Florida will likely need federal relief after Idalia. But will any funding be there?

U.S. Sen. Rick Scott said President Joe Biden has played political games with disaster funding.

As Florida leaders assess damage in the Big Bend, federal relief will likely be needed. But is any funding available?

U.S. Sen. Rick Scott said President Joe Biden has held disaster spending hostage for too long and must allow Congress a clean vote on spending for recovery.

“Stop playing politics,” the Naples Republican posted on X. “Floridians can’t wait.”

DeAnne Criswell, administrator for the Federal Emergency Management Agency (FEMA), signaled concerns last week that federal Disaster Relief Fund had nearly been exhausted. And that was before Hurricane Idalia slammed Florida, making landfall Wednesday in Keaton Beach after reaching Category 4 strength just off Florida’s coast.

“Our estimates do still say that we may have a depletion of our fund — now it’s pushed into the middle of September,” Criswell told CBS News.

President Joe Biden’s administration has made a supplemental funding request for $12 billion from Congress that would restore funding, but tied it to other spending including more than $44 million to support a military presence in Ukraine.

White House Press Secretary Karine Jean-Pierre defended that tactic to CNN’s Jake Tapper on Wednesday. Tapper asked if the administration would separate funding requests because the Ukraine spending is more controversial among congressional Republicans.

“In regards to the supplemental funding that the President has asked for, I don’t want to get into hypotheticals,” she said. “The President put forward what he thinks is incredibly important that we need.”

Scott released a statement calling it irresponsible to tie disaster funding to other parts of Biden’s agenda.

“Unfortunately, while I’ve spent the months leading up to this storm fighting to make sure the federal government shows up, President Biden and politicians in Washington have been playing games with FEMA’s Disaster Relief Fund and insisting that this critical domestic aid be tied to foreign aid for Ukraine,” Scott said.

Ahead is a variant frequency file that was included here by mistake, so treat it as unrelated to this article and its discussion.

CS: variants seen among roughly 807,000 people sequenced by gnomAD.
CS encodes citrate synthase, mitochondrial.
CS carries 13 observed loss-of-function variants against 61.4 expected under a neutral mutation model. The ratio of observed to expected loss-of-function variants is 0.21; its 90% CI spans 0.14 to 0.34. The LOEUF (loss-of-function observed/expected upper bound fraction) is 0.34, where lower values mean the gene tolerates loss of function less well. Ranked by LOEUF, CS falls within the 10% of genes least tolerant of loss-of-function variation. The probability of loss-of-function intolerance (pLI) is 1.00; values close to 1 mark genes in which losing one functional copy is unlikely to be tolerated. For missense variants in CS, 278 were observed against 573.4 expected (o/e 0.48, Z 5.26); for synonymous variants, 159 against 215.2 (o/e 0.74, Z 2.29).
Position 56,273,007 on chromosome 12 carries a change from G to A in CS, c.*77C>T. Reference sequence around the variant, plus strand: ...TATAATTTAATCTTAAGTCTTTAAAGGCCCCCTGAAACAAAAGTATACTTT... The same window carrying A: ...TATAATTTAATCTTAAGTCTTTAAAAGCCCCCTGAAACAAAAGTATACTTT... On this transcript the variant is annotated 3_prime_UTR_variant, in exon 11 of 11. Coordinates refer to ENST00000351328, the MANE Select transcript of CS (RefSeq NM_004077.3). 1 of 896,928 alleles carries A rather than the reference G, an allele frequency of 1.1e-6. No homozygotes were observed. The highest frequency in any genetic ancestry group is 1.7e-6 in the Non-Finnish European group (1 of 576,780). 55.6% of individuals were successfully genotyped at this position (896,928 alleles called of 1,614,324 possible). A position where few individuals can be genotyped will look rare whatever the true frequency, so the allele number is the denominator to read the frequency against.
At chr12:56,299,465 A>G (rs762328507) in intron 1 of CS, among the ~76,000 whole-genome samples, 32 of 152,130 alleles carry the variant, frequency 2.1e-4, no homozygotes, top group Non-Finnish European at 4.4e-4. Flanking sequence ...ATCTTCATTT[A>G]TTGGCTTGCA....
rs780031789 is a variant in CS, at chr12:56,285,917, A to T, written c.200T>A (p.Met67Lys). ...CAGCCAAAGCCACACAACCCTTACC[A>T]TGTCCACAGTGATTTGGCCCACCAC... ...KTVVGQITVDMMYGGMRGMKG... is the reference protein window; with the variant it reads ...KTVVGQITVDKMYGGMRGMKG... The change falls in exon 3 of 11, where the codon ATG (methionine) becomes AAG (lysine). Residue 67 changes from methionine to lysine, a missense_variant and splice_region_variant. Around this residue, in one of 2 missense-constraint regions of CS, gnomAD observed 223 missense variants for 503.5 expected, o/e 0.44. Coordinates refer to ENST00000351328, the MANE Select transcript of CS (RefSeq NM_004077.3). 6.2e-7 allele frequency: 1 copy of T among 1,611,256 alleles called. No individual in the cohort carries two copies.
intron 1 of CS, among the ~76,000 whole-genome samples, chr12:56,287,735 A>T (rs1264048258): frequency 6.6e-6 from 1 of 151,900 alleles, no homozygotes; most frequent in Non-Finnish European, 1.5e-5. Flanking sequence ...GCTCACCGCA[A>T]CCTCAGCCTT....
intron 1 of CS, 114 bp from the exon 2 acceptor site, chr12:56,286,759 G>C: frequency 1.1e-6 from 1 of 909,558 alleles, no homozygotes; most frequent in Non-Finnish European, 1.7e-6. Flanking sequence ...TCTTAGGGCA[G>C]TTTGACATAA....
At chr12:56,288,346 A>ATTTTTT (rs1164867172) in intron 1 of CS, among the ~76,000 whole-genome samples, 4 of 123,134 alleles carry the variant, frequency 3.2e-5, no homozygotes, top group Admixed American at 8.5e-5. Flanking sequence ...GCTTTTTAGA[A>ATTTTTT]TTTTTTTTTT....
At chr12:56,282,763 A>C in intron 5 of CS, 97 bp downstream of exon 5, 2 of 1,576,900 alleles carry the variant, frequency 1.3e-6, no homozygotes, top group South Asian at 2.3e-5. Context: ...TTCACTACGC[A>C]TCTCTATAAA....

“We’ve had enough with Washington playing politics and demand that Congress does what’s right for American families, starting with ensuring our federal government has all the resources it needs to show up after disasters, now and in the future.”

Earlier this month, Scott and U.S. Sen. Marco Rubio, a Miami Republican, called on the administration to replenish the Disaster Relief Fund (DRF).

“The uncertainty resulting from the DRF’s projected shortfall two months into hurricane season is unacceptable,” read a letter from the Florida Senate delegation to the President. “The Biden Administration has been completely silent on the need to act. A deficit to the DRF cannot be ignored and we demand action before a crisis emerges and the American people suffer from the administration’s poor planning.”

Scott said when the Senate reconvenes in September, he wants an immediate vote on the Federal Disaster Responsibility Act, which would replenish the relief funding without addressing other portions of Biden’s request.

“The moment the Senate reconvenes next week I will be introducing this bill and demanding an immediate vote,” Scott said. “Floridians are doing their part and getting ready, and I will not allow Washington to continue playing games with disaster aid and the lives of those needing our help.”

Of note, FEMA reports that, to date, Gov. Ron DeSantis has not outlined immediate needs from the federal government.

“The President contacted Gov. DeSantis to let him know that the federal family continues to be there to support him,” Criswell said in a briefing on Wednesday. “The Governor expressed that all of his needs are met currently.”

And while DeSantis is running for President and hoping to challenge Biden’s re-election, the two for the moment appear on the same page with federal response to the storm.

Jacob Ogles

Jacob Ogles has covered politics in Florida since 2000 for regional outlets including SRQ Magazine in Sarasota, The News-Press in Fort Myers and The Daily Commercial in Leesburg. His work has appeared nationally in The Advocate, Wired and other publications. Events like SRQ’s Where The Votes Are workshops made Ogles one of Southwest Florida’s most respected political analysts, and outlets like WWSB ABC 7 and WSRQ Sarasota have featured his insights. He can be reached at [email protected].


  • Rodney D.

    August 30, 2023 at 4:19 pm

    Rick Scott really seems to care…about what, I have no idea.

  • Michael K

    August 30, 2023 at 5:04 pm

    That’s rich. When Ron was a Congressman, he voted against hurricane aid for Sandy. Funny how he and his predecessor both feel so entitled.

    And by the way, the Republican’s stunt on the debt limit cost every American a downgrade of our credit. So cry me a river with your “playing politics.” Hypocrite.

  • Mac Wiseman

    August 30, 2023 at 5:14 pm

    Uncle Joe better cough up the dough or Delaware will get diddly-squat under the next 8 Desantis years as President. Mack

    • Rick Whitaker

      August 31, 2023 at 6:51 am

      you are kidding, right?

  • Freonpsandoz

    September 1, 2023 at 3:11 am

    Republicans favor cutting Federal spending to the bone and letting the individual states budget for and pay for predictable expenses like annual storms. States other than their own, that is.

Comments are closed.


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